Storing Key-Value Data in iCloud with Swift


Hi, I’m Kristen––an iOS development newbie and Nice Mohawk’s summer intern. Most recently, Ben assigned me the task of building a simple example app that uses iCloud to store key-value data.

As one would expect, I immediately looked for a tutorial on the subject. I was disappointed, however, to come up short: all of the tutorials I found were written in Objective-C and I––the newbie who only knows Swift––could only half understand what was going on.

Thankfully, I did eventually figure out how to do all of this in Swift. It wasn’t too bad, either.

I decided to build an app with a text field and button, so that a user can type a short message and save it to iCloud. I began by setting up iCloud entitlements (see steps 1 & 2).

I then opened my ViewController.swift file and declared and initialized an NSUbiquitousKeyValueStore object:

var iCloudKeyStore: NSUbiquitousKeyValueStore? = NSUbiquitousKeyValueStore()

The NSUbiquitousKeyValueStore class allows you to save values of various types––NSNumber, NSString, NSDictionary, etc.––and associate them with a key. To save the user’s message for my app, I created an outlet for my text field and a function to call the setString:forKey and synchronize methods. setString:forKey: pairs the text field’s contents with a key, while synchronize saves the message to iCloud.

let iCloudTextKey = “iCloudText”
@IBOutlet weak var textField: UITextField!  


func saveToiCloud() {
    iCloudKeyStore?.setString(textField.text, forKey: iCloudTextKey)

I later realized that I should display the last message the user saved upon launching the app. To do this, I made a function that uses optional chaining and the stringForKey: method to check for and display a previously saved message.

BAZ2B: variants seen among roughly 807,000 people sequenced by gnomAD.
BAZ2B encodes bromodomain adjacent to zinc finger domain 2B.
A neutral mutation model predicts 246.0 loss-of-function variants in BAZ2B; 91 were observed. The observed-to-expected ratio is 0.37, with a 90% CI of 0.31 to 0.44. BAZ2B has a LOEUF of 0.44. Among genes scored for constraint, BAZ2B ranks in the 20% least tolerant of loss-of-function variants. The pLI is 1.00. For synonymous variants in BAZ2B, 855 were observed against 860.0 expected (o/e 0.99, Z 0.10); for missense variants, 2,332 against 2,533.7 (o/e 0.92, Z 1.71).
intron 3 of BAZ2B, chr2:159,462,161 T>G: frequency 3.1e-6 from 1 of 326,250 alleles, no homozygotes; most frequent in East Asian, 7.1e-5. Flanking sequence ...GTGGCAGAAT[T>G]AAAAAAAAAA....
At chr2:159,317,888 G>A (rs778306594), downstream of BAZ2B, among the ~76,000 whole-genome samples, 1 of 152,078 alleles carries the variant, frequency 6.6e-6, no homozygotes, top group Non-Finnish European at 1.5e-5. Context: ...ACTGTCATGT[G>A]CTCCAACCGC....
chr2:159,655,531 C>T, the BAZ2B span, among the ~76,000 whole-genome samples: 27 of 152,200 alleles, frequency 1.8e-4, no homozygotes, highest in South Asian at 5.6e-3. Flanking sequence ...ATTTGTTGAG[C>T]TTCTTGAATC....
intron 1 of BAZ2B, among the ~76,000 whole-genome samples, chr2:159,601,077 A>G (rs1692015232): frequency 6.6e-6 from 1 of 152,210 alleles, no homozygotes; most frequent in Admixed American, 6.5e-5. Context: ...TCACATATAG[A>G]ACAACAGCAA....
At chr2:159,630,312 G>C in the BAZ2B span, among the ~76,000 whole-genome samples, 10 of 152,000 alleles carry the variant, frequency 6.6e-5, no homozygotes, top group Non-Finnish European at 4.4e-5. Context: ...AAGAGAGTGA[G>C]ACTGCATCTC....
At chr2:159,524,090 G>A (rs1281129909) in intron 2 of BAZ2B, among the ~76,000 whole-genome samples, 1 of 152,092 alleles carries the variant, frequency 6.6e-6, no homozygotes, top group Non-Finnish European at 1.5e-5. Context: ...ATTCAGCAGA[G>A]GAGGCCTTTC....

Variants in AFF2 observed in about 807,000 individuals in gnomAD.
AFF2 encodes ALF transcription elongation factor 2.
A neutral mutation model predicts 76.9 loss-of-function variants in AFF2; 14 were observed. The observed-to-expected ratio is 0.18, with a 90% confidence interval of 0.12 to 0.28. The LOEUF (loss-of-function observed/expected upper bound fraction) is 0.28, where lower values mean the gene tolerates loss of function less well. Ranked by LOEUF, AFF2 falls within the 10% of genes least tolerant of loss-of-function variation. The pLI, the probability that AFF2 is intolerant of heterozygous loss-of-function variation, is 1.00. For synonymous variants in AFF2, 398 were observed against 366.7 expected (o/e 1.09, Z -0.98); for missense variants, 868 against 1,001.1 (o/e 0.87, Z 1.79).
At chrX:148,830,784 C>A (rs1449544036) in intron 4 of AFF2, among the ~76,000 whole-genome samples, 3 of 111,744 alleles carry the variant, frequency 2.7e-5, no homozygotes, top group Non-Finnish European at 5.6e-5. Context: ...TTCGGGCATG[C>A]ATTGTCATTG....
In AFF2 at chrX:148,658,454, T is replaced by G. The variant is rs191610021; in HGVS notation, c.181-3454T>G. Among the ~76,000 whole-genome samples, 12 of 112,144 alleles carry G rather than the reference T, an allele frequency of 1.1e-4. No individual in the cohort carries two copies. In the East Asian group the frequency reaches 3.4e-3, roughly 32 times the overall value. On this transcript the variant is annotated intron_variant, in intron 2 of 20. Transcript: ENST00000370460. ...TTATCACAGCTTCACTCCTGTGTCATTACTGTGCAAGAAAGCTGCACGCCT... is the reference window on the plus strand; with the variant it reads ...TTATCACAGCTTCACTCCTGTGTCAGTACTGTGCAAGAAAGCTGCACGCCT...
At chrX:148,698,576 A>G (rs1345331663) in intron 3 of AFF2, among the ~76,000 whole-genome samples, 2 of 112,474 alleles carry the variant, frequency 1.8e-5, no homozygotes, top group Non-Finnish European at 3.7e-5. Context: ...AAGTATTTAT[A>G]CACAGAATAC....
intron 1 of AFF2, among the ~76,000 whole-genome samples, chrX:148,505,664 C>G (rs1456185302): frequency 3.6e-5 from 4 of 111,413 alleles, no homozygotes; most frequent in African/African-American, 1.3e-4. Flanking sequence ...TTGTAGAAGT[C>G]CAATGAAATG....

func iCloudSetUp() {
    if let savedString = iCloudKeyStore?.stringForKey(iCloudTextKey) {
        textField.text = savedString

Within the same function, I also registered for the NSUbiquitousKeyValueStoreDidChangeExternallyNotification notification so that my app could handle any changes made to the text field by other instances of the app while running.

✍ Ben: Sorry if you’re reading this on a phone screen. Some bits were overlooked in Cocoa’s conversion to Swift and haven’t transitioned as completely as others. Notification constant names are one where you can tell they didn’t get any love from Swift’s move toward more concise descriptors.

Using the addObserver method to do this also requires an additional function to take some sort of action. In my case, I made this function update the message in the text field.

func iCloudSetUp() {
    	selector: “ubiquitousKeyValueStoreDidChangeExternally:",
    	name:  NSUbiquitousKeyValueStoreDidChangeExternallyNotification,
    	object: iCloudKeyStore)

func ubiquitousKeyValueStoreDidChangeExternally() {
    textField.text = iCloudKeyStore?.stringForKey(iCloudTextKey)

Here’s the finished project repository on GitHub. Note that the program is slightly more complicated, as I decided to incorporate a switch that allows the user to save text locally using NSUserDefaults or to iCloud.

And that’s it! Not too bad, right?

✍ Kristen is pursuing a CS degree at Ohio University and recently finished her freshman year. This summer she’s working on learning mobile development with Swift and updating Nice Mohawk apps built with Swift, namely TypeSnippets.